By Zach Miller ’17, Features Editor

You’ve seen his kind in all of your classes. Whenever the teacher asks a question, real or rhetorical, there goes his hand, skyrocketing into the air as if somehow the teacher will care this time. The rest of the class already knows what he knows himself: Main Levée ’17  is the smartest student in the entire school.

Levée’s hand waving in the air after every single question that the teacher poses is no coincidence; he knows the answer to literally everything. The concept of letting others answer a question does not apply here. After all, who needs an answer from an average student when it can come from a genius?

“I started realizing that I had an answer to anything the teacher could possibly ask in about third grade,” said Levée confidently. “I got into the handwriting club before anyone else in the class, and from then on, my superiority was quite evident.”

“He started as such a sweet kid,” said his third grade teacher Mrs. Jolie Femme, who coincidentally began to notice gray hairs on her head that very year.

Levée has never, ever missed an opportunity to shout out an answer when the option presents itself. “Look, if the rest of the class is slow to answer a question, it becomes my moral obligation to provide an answer for them,” he said.

He also has an incredibly enviable habit of finishing his tests first, smacking his pencil down loudly, shuffling his papers, and slapping the test on the teacher’s desk so that everyone has the privilege of knowing who the ‘winner’ is. Says Levée: “I’ve already conquered the academic world, so now I’m mostly focusing on speed in order to present myself with a new challenge.”

His Quiz-Up scores are legendary; Levée will tell you loudly that he “doesn’t play that silly game anymore” because “why play if it’s not a challenge?”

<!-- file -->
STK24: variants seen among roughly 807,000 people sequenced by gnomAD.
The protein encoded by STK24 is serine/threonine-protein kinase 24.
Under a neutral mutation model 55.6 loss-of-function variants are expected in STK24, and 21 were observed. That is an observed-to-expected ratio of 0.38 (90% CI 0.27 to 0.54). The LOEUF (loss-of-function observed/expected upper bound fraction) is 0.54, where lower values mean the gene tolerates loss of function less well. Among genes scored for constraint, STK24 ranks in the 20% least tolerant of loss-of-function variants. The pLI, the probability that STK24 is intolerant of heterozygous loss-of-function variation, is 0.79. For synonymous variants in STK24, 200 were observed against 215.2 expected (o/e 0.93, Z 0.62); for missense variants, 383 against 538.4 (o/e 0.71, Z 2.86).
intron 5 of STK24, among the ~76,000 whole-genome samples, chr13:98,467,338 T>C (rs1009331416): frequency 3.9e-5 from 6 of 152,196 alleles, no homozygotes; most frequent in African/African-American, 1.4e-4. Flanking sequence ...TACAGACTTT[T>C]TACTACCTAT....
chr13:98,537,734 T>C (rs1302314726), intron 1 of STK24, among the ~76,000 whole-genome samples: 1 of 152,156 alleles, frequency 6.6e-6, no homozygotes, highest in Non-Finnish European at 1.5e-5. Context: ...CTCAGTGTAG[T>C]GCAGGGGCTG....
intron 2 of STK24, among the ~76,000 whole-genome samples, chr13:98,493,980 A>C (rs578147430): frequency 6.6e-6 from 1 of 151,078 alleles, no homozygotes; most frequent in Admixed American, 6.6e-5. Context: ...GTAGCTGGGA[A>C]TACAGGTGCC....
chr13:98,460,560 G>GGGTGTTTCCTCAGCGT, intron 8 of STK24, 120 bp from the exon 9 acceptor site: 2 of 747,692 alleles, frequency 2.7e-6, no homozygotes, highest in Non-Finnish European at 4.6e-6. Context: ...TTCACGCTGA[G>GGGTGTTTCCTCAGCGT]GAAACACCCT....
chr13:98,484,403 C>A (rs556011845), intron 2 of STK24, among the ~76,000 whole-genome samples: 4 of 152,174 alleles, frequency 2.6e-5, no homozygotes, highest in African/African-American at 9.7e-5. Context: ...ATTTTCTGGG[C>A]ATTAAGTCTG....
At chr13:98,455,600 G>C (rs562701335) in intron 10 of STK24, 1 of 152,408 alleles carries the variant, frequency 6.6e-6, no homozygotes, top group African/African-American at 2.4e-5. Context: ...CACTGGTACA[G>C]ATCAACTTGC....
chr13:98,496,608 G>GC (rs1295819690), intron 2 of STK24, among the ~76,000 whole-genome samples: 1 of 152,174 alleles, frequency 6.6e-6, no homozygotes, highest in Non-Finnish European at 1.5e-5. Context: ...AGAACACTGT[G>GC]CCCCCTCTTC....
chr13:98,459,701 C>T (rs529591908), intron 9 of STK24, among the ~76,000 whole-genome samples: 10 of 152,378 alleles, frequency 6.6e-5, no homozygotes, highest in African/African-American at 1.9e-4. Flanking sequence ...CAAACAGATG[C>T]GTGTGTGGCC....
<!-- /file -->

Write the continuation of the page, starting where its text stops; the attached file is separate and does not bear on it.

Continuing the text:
Just how did he get these incredible skills in every academic subject known to mankind? A very simple yet seemingly unreplicable combination of Buzzfeed articles, an AP Economics class, extensive recollection of the Percy Jackson books, high stamina, great hand-raising technique, and parents who never quite mastered the word ‘no’.

“I don’t believe that I’m smarter than anyone else,” said Levée. “I’m just very, very good at the French language and will insert it randomly into conversation if need be.”

“I don’t get him at all,” said his classmate Steve Élève ’17. “It’s so clear that the teacher is tired of him.”

“If [Levée] didn’t raise his hand for a single question, I would probably give everyone an ‘A’ for the year,” said his history teacher, Mr. Fred Marre.

“I like all my teachers,” said Levée. “I like [Stufo] the best, though, even if he calls on the dumb kids instead of me sometimes. My AP Econ knowledge really puts me ahead of the curve in that class.”

Levée’s classmates mostly just seem tired. “I haven’t seen him without his hand up in 8 years,” said Lisa Fille ’17. “It would be nice to have the chance to answer a question every now and then, but at this point I understand that he is just fundamentally better than me.”

Élève agreed completely with Fille. “This is our reality now,” he said. “When a higher being like Levée is in your midst, you kinda have to let him answer everything. Plus, he raises his hand so much more than the rest of us that we’ve basically forgotten how to answer a question.”

“I really feel like I help my teachers out so much,” said Levée, grinning. “I often feel like I know the material better than they do. If my hand wasn’t waving in their face all the time, how would they know who to call on? And how would the world ever know the right answer?”


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